What kind of birthday gift do you get a man who's already got everything? It's a well-worn riddle — and one that gets all the more difficult if the man in question happens to have died a half-century ago.
Luckily for Ian Fleming, today's 107-year-old birthday boy and the creator of James Bond, novelist Anthony Horowitz knows just the gift: a reunion with an old friend.
Horowitz, who's helming the newest official Bond novel, Trigger Mortis, announced Thursday that the book will be bringing back a familiar face — Pussy Galore. The notorious lesbian gangster, with an (ahem) equally notorious name, was last seen on the page in Fleming's novel Goldfinger back in 1959. With the exception of the book's '60s-era film adaptation, Galore hasn't made a significant appearance in the official franchise since.
"It was great fun revisiting the most famous Bond girl of all," Horowitz wrote in his announcement, "although she is by no means the only dangerous lady in Trigger Mortis."
That role may very well be filled by a new character of Horowitz's making: Jeopardy Lane, who will star opposite 007, Galore and Jai Seung Sin — a "sadistic, scheming Korean adversary hell-bent on vengeance." (A betting man might pick Jai to be the new book's lead villain.) The novel's action picks up just a couple of weeks after the end of Goldfinger.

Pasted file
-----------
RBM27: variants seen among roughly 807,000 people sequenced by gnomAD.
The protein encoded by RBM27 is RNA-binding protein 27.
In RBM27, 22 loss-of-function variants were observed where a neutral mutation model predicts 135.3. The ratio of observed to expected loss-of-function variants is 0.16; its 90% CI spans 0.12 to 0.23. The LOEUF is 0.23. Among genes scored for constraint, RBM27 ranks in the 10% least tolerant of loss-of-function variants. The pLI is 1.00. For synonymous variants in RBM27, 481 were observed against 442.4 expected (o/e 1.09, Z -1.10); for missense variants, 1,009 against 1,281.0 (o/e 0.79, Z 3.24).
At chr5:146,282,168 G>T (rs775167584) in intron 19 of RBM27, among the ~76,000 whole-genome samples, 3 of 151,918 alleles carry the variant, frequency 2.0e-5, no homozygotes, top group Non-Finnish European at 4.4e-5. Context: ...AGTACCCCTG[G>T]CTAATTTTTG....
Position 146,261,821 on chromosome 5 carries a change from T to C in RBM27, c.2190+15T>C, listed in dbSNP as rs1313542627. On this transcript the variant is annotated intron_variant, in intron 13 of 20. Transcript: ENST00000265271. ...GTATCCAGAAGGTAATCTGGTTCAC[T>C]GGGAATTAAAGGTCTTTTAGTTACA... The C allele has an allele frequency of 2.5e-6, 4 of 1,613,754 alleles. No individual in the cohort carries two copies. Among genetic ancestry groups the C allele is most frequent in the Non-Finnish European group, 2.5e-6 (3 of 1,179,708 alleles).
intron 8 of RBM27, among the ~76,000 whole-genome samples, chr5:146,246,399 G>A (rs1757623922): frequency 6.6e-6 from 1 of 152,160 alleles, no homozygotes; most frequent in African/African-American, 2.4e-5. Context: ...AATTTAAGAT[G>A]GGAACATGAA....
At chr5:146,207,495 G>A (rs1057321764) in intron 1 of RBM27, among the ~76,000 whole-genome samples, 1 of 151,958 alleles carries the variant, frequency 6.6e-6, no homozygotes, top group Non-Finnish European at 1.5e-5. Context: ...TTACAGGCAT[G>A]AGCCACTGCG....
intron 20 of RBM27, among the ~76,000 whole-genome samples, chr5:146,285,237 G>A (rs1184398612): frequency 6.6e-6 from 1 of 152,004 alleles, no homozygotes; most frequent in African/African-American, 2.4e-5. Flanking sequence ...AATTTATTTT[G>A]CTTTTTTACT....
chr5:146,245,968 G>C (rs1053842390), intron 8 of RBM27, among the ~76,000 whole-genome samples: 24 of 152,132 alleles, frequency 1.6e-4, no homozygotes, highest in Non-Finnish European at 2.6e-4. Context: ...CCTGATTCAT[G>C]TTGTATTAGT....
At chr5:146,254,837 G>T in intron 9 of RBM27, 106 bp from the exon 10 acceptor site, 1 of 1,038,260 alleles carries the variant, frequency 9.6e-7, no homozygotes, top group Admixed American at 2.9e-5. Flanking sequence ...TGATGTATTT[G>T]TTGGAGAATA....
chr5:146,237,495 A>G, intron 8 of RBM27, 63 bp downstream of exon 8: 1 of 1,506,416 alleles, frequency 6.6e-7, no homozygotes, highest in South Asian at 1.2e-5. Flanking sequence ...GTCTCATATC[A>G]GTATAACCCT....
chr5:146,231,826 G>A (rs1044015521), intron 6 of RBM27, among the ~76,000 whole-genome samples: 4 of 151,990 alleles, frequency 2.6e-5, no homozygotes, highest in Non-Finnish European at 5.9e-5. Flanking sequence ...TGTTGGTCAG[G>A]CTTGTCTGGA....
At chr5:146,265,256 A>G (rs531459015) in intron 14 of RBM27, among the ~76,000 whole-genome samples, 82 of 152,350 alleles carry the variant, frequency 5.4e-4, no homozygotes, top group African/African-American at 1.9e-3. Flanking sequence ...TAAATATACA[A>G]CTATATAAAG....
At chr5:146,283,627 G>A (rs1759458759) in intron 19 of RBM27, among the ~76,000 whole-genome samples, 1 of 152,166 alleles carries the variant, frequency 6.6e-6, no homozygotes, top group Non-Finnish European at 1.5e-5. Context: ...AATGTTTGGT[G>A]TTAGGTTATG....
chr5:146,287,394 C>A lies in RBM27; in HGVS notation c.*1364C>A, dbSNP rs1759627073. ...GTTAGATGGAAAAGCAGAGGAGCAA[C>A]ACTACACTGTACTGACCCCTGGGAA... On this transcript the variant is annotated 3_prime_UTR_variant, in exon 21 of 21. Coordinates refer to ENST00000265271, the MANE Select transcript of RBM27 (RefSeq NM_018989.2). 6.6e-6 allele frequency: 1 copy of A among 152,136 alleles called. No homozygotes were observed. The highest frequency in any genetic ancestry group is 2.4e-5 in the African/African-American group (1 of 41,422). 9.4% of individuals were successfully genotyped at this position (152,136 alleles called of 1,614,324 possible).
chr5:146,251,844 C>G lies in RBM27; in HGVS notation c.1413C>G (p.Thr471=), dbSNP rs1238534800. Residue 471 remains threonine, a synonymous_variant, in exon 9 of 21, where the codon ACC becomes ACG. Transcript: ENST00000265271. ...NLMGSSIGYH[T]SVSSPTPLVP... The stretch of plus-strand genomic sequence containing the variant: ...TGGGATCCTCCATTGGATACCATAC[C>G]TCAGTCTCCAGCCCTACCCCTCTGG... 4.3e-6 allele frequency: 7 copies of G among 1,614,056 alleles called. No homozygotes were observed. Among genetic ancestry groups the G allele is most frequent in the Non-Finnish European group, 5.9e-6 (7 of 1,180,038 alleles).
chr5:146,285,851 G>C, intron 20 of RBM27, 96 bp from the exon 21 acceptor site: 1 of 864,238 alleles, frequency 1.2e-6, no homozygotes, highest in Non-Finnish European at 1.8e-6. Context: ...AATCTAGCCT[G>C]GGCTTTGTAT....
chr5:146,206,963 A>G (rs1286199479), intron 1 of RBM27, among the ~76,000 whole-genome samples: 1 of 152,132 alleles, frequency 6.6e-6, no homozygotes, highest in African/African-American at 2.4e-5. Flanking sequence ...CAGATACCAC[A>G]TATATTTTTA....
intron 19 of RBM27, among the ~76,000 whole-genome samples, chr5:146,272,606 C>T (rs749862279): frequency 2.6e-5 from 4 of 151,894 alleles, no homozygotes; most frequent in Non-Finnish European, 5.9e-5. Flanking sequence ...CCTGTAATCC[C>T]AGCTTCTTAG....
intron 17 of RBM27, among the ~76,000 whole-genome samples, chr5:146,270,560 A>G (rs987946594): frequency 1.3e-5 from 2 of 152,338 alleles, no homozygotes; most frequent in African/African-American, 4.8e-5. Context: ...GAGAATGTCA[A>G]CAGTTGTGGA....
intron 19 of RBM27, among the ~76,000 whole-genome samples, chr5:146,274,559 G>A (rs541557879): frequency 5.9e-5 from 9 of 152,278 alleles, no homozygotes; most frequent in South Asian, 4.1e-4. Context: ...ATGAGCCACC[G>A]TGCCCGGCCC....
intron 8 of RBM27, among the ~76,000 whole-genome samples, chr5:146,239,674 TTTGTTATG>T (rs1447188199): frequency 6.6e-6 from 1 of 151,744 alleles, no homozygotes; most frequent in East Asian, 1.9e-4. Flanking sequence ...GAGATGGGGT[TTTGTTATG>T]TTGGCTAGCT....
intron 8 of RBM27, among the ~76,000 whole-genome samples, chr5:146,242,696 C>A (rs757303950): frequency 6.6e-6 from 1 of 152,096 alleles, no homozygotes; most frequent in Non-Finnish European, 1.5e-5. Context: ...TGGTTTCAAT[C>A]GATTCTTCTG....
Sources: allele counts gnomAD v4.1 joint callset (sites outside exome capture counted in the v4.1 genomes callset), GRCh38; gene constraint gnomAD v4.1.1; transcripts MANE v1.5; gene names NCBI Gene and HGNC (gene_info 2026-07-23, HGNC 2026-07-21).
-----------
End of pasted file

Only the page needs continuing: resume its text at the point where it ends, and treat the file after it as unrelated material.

As NPR's Neda Ulaby reports, this is Horowitz's first Bond book and he's no stranger to working in classic franchises. "He's best known for a series about a teenaged spy named Alex Rider," Neda notes, "and for two novels that continue the adventures of Sherlock Holmes, also authorized by the original author's estate."
And Horowitz won't be working entirely from scratch. He's also dipping into some unpublished writing from Fleming himself — a short story that drops Bond into a high-stakes Formula One race. The story, called "Murder on Wheels," was originally a scene composed for a 007 TV series that never was.
"It was always my intention to go back to the true Bond, which is to say, the Bond that Fleming created," Horowitz said, "and it was a fantastic bonus having some original, unseen material from the master to launch my story."
There is one snag with Horowitz's birthday gift, though: The book won't be released until Sept. 8.
Copyright NPR. View this article on npr.org.